Get client documentation right and avoid tax disputes

It is imperative that as professional advisers we seek to verify what we know and what we are told by clients.

Don’t take asset ownership at face value - reviewing documentation is integral to best practice in tax risk management and it sets the foundation for all that follows.

Practitioners have a battle on their hands. In the short term, there’s the constant need to drive down costs while providing current clients with exemplary service. In the long term, we need to bring in new business and develop and support our staff to order to attract these new clients.

 As these day-to-day tussles take place, the basics often get lost in the system.

By the basics I mean client documentation. It’s good risk management to be up-front with your clients.  So many cases before the Administrative Appeals Tribunal and Australian courts essentially revolve around matters of documentation and evidence rather than technical points of law. It is critical to remember that in the event of any dispute, the onus is always on the taxpayer. 

Essentially the first step in any dispute is to show proof of asset ownership and evidence of its existence. 

No surprises: Why assets need to be verified

While clients may tell us things in good faith, we should not rely on their interpretation of what they may or have not have seen, and what they may or may not understand.

It is imperative that as professional advisers we seek to verify what we know and what we are told by clients. Our professional roots are embedded in the ethos “no surprises”.

Assets from property to vehicles, shares and other interests must be verified. Equally important is verifying the name(s) on any loan attached to these assets. The simple question of asking for documentation yields results that, in the end, benefits all. 

Aside from viewing documentation directly, other sources of information include the Australian Taxation Office (ATO) portal, ASIC and the Personal Property Securities Register. Where necessary, banks can be directly approached, as can your client’s previous accountant.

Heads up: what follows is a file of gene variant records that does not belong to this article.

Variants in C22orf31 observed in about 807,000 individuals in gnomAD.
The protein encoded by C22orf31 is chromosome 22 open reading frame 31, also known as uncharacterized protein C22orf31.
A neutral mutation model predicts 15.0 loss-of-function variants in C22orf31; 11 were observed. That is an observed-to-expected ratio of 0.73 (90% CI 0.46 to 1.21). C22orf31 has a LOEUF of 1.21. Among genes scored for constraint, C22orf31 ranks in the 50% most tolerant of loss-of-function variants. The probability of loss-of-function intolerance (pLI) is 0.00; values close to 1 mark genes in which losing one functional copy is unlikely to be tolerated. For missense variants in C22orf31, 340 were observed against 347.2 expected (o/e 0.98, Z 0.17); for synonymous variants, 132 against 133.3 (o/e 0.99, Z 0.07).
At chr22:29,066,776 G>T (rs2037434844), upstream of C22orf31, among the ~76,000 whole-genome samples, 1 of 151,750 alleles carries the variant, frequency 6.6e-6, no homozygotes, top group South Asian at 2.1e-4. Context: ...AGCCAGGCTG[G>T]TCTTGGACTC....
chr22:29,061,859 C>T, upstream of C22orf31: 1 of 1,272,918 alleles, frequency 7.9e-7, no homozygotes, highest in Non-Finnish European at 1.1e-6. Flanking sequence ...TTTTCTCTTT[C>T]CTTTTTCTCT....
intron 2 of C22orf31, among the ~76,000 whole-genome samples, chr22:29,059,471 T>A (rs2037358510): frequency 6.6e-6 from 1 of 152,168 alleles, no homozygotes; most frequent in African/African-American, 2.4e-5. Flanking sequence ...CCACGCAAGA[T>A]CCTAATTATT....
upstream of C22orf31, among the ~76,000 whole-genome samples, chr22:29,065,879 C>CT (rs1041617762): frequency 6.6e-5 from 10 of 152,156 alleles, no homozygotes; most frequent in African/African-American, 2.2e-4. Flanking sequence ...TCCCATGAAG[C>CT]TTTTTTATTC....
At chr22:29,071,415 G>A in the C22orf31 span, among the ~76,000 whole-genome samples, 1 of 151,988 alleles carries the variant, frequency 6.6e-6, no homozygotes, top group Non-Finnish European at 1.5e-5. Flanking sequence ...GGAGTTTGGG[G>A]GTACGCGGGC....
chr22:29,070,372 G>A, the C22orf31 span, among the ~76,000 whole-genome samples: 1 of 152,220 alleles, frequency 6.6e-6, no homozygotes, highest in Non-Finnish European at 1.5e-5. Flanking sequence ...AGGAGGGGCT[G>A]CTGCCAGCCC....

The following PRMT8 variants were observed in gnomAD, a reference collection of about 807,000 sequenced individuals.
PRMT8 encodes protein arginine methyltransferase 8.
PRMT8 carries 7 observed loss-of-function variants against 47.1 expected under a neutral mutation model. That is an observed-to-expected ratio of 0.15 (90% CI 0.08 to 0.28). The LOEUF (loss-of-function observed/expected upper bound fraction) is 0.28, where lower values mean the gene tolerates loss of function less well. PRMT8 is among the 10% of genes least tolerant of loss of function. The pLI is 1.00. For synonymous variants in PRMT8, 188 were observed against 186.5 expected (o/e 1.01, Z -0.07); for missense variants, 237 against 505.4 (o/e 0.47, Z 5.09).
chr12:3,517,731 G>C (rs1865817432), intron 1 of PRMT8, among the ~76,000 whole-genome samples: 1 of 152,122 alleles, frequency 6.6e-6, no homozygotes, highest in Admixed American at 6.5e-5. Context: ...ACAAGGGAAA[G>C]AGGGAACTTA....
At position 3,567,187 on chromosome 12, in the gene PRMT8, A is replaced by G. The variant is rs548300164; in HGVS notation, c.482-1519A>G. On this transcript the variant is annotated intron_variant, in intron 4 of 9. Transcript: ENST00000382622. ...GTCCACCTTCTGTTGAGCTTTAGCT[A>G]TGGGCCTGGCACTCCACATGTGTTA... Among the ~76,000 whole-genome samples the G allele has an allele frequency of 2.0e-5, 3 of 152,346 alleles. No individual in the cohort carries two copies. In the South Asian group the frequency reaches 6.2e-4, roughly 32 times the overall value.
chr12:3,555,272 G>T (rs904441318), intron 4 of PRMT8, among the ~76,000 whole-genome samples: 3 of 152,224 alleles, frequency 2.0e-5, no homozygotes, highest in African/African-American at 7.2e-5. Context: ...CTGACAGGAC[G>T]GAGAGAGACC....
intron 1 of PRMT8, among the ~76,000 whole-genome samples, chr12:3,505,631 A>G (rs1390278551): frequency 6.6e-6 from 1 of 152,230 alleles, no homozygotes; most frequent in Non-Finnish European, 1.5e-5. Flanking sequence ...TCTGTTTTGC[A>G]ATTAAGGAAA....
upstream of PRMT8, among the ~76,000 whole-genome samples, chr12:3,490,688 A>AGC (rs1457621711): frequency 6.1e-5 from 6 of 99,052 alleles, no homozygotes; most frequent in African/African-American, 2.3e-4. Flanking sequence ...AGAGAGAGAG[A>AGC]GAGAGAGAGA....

Over the years, we have uncovered many issues with clients – mainly new clients – where things aren't as they seem. I admit the initial discussion can be awkward, but by the time that conversation is complete the relationship is stronger and all parties feel confident that what is in place is real and verified.

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Clients to avoid

Clients who withhold information or are otherwise unable to produce documentation should be avoided. Be very wary of cases where you are merely given figures; loans, for example, where you are not provided with documents such as the loan statement, which not only validates ownership but interest, repayments, other charges and outgoings. 

The execution and validity of these documents is in itself a critical area; however, the sighting and existence and verification of documentation are fundamental first steps.

The problems that can arise aren't limited to tax audits. Other areas in which lack of documentation arise include divorce, death (wills and estates), superannuation, bank and lending queries, state revenue authority reviews and disputes between partners.

Doing the basics and having those difficult upfront conversations with clients is often in our long-term interests. Playing the short game and taking things on face value will sooner or later come back to haunt you. 

Reviewing your documentation should not be seen as an unrecoverable cost but rather as an important step towards risk management.  It should be seen not only as insurance protection but as a value-added assurance service to clients. 

Along the way, your clients will appreciate you, your staff will learn something, you will feel more valued and as a community we will be better off.

Gavin Swan FCPA is director of Absolute Accounting Services

Read next: Client engagement documentation – what accountants need to know


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September 2018
September 2018

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